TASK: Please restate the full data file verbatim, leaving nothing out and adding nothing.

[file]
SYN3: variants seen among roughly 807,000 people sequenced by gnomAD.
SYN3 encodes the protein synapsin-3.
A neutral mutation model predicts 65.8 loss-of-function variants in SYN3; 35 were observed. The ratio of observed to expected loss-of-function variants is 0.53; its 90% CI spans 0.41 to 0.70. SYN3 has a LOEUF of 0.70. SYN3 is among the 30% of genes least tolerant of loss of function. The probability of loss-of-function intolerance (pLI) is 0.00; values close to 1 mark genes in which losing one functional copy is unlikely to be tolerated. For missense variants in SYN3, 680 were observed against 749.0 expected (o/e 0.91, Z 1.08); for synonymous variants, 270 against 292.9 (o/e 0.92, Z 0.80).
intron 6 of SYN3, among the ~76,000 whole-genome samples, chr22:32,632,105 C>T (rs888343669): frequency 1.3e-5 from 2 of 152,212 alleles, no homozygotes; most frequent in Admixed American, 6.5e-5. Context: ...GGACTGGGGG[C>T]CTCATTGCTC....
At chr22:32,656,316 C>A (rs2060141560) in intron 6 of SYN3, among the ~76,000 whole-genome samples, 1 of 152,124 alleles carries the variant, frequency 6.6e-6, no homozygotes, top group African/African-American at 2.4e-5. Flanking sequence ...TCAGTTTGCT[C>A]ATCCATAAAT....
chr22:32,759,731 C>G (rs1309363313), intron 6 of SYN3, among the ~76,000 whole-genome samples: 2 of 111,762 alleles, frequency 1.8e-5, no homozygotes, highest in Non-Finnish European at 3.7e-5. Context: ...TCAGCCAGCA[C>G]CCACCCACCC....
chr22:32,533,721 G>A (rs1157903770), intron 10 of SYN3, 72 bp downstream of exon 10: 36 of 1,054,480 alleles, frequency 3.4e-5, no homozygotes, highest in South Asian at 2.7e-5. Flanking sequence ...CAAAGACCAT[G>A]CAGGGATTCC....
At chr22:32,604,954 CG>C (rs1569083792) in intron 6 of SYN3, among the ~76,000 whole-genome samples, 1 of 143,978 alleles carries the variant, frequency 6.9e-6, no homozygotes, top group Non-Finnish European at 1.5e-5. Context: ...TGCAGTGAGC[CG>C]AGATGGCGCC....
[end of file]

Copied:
SYN3: variants seen among roughly 807,000 people sequenced by gnomAD.
SYN3 encodes the protein synapsin-3.
A neutral mutation model predicts 65.8 loss-of-function variants in SYN3; 35 were observed. The ratio of observed to expected loss-of-function variants is 0.53; its 90% CI spans 0.41 to 0.70. SYN3 has a LOEUF of 0.70. SYN3 is among the 30% of genes least tolerant of loss of function. The probability of loss-of-function intolerance (pLI) is 0.00; values close to 1 mark genes in which losing one functional copy is unlikely to be tolerated. For missense variants in SYN3, 680 were observed against 749.0 expected (o/e 0.91, Z 1.08); for synonymous variants, 270 against 292.9 (o/e 0.92, Z 0.80).
intron 6 of SYN3, among the ~76,000 whole-genome samples, chr22:32,632,105 C>T (rs888343669): frequency 1.3e-5 from 2 of 152,212 alleles, no homozygotes; most frequent in Admixed American, 6.5e-5. Context: ...GGACTGGGGG[C>T]CTCATTGCTC....
At chr22:32,656,316 C>A (rs2060141560) in intron 6 of SYN3, among the ~76,000 whole-genome samples, 1 of 152,124 alleles carries the variant, frequency 6.6e-6, no homozygotes, top group African/African-American at 2.4e-5. Flanking sequence ...TCAGTTTGCT[C>A]ATCCATAAAT....
chr22:32,759,731 C>G (rs1309363313), intron 6 of SYN3, among the ~76,000 whole-genome samples: 2 of 111,762 alleles, frequency 1.8e-5, no homozygotes, highest in Non-Finnish European at 3.7e-5. Context: ...TCAGCCAGCA[C>G]CCACCCACCC....
chr22:32,533,721 G>A (rs1157903770), intron 10 of SYN3, 72 bp downstream of exon 10: 36 of 1,054,480 alleles, frequency 3.4e-5, no homozygotes, highest in South Asian at 2.7e-5. Flanking sequence ...CAAAGACCAT[G>A]CAGGGATTCC....
At chr22:32,604,954 CG>C (rs1569083792) in intron 6 of SYN3, among the ~76,000 whole-genome samples, 1 of 143,978 alleles carries the variant, frequency 6.9e-6, no homozygotes, top group Non-Finnish European at 1.5e-5. Context: ...TGCAGTGAGC[CG>C]AGATGGCGCC....